Breaking it Down: An Introduction to APA Capitalization Rules
APA rules can sometimes be confusing, including rules about capitalization. Despite slight variations, the main capitalization rules can be broken down into two format categories: title case and sentence case.
Title case is when you capitalize the first letter of all words that are 4 or more letters long:
· Title of Your Paper
· Level 1 Section Headings
· Level 2 Section Headings
· References Title
There aren’t as many rules for the title case in APA, simply because most capitalization rules will focus on the second category of rules: The sentence case.
Sentence case follows standard sentence capitalization rules where capitalization is used only for the first letter of the first word, proper nouns, and the first word after a colon:
· Sentences within your paper
· Level 3 headings
· Level 4 headings
· Titles of sources in APA-style reference entries
Let’s take a closer look at the sentence case rules as they relate to the sentences in your paper. After explaining the rule and providing an example, I will also share with you two contrary rules that exist in special circumstances. Let’s face it, the longer you learn about APA style, the more contrary rules you will find.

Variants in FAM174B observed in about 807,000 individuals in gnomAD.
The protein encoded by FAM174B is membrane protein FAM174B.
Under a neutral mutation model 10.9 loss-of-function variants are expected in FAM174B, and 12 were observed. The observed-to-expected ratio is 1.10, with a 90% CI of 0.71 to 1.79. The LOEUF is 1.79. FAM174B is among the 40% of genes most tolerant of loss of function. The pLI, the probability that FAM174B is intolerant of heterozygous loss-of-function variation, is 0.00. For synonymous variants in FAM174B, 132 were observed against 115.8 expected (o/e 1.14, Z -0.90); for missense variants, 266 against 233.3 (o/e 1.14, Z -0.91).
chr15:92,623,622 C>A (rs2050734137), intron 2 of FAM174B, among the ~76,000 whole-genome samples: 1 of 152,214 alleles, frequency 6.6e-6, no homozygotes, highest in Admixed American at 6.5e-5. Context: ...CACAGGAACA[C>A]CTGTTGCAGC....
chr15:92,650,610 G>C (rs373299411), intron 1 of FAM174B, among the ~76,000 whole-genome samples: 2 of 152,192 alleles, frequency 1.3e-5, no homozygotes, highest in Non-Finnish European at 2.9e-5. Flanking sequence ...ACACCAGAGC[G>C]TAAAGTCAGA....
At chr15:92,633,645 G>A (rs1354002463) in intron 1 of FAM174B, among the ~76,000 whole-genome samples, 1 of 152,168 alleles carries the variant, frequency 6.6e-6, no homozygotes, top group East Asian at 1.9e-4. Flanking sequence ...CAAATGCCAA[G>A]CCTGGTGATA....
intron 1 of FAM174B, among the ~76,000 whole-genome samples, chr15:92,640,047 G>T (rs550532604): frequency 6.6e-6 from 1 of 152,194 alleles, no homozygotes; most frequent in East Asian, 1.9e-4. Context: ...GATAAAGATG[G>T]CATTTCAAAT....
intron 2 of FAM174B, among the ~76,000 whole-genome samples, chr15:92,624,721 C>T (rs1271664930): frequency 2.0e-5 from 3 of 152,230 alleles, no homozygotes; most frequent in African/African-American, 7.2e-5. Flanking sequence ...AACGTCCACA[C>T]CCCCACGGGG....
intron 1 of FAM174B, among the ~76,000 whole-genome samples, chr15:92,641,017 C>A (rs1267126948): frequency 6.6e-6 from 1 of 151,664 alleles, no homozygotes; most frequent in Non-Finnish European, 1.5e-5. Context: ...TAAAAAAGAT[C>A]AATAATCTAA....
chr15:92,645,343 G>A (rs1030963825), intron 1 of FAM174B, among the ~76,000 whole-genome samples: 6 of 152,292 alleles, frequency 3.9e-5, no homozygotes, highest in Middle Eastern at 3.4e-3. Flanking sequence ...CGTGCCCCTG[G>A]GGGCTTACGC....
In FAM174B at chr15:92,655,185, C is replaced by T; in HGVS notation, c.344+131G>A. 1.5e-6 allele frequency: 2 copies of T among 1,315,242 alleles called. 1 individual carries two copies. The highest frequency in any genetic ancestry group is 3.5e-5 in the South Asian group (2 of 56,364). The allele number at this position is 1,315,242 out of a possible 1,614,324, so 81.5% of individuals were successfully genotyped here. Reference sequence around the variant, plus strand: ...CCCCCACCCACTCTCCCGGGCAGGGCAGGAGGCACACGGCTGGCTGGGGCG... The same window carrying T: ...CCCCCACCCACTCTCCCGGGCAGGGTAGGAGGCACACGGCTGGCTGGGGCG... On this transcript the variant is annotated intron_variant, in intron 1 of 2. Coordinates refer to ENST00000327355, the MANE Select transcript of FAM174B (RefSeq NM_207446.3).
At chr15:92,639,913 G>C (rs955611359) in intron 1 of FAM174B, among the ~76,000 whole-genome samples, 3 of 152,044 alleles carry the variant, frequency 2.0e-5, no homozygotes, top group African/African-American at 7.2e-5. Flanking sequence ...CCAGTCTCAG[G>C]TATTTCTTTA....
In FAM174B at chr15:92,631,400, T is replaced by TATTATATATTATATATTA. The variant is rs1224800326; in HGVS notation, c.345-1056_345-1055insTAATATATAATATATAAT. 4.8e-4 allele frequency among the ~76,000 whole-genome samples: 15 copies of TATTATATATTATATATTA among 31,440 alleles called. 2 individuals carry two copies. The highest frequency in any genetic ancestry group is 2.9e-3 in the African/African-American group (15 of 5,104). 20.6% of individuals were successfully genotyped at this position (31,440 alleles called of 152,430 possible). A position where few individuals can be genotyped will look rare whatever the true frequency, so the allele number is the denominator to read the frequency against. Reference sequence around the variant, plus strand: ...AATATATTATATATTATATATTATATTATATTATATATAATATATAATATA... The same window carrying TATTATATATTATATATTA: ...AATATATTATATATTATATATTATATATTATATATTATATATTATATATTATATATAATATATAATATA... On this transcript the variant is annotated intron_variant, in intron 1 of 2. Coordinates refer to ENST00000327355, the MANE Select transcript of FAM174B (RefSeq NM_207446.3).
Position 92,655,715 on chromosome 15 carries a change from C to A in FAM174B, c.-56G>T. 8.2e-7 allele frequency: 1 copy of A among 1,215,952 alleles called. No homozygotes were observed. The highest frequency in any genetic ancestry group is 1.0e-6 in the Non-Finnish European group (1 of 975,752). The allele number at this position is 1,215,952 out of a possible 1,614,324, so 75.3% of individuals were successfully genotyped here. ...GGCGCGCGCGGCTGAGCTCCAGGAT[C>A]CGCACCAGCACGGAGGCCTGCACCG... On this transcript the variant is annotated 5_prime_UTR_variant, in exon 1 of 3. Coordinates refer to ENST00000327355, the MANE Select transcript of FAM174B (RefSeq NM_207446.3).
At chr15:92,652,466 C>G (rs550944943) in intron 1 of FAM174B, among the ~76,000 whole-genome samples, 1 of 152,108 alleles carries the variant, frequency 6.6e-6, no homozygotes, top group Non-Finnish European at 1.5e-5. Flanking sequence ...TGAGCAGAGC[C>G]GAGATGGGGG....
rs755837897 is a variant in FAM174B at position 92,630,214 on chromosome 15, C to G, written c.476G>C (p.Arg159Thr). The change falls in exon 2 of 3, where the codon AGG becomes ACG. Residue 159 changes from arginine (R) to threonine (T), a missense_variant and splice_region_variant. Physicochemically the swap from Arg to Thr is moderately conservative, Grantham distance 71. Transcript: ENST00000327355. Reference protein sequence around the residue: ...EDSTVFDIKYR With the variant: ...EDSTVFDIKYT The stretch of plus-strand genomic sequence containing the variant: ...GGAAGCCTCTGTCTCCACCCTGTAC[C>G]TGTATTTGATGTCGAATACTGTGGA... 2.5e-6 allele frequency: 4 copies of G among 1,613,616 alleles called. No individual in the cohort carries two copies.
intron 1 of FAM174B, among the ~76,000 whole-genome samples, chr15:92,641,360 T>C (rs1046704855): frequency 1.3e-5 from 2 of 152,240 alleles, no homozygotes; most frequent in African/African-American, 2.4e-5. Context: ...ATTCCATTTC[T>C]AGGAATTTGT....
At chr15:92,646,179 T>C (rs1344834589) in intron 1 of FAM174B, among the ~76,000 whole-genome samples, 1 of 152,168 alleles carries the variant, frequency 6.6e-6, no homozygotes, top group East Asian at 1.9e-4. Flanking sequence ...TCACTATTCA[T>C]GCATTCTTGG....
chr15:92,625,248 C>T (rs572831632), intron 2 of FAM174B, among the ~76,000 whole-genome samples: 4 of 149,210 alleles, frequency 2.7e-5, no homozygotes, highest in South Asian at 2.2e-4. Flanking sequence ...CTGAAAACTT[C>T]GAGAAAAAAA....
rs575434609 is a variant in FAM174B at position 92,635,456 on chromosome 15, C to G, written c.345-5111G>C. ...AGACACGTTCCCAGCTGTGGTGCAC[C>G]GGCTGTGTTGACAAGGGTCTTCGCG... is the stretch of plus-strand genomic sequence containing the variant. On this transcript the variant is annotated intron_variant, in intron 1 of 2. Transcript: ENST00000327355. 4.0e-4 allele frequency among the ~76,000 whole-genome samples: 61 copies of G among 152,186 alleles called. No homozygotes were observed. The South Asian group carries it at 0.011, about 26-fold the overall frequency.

The first letter of the first word
The first letter of the first word after a colon
Proper nouns (including trade names and specific titles)
Nouns followed by numerals (because they refer to specific “things”)
The color-code corresponds to the matching portion of the example sample:
Example: According to the American Psychological Association (APA, 2010), writers need to “Capitalize nouns followed by numerals or letters that denote a specific place on a numbered series” (103). Here is one example provided: “On Day 2 of Experiment 4” (103).
And as usual, there are some exceptions to the rule.
Contrary rule #1: Titles of written works (such as books and article titles), follow title case rules as well as “Capitaliz[ing] all verbs (including linking verbs
Example: In her book, Scholars’ Attitudes About Learning Styles…
When you are referring to the title of a source in the sentences of your paper, make sure you capitalize. Unless, of course your subject is related to the next contrary rule.
Contrary Rule #2: “Do not capitalize the names of laws, theories, models, statistical procedures, or hypotheses” (APA, 2010, p.102) since they can be understood to serve more as common nouns as opposed to proper nouns.
Example: Maslow’s (1943) hierarchy of needs
Example: According to the classical conditioning model, …….(Watson, 1924)
There are, of course, other capitalization rules. Aside from the Writing Center’s overview of capitalization rules, and the APA style blog, students can also find a breakdown of the rules with examples in the APA Manual (6th ed.), on pp. 101-104 (or 4.14-4.20).
We also have an interactive lesson on capitalization on our website. Make some time to take our APA capitalization quiz and let us know how you did in the comments below.
Veronica Oliver is a Writing Instructor in the Walden Writing Center. In her spare time she writes fiction, binge watches Netflix, and occasionally makes it to a 6am Bikram Yoga class.
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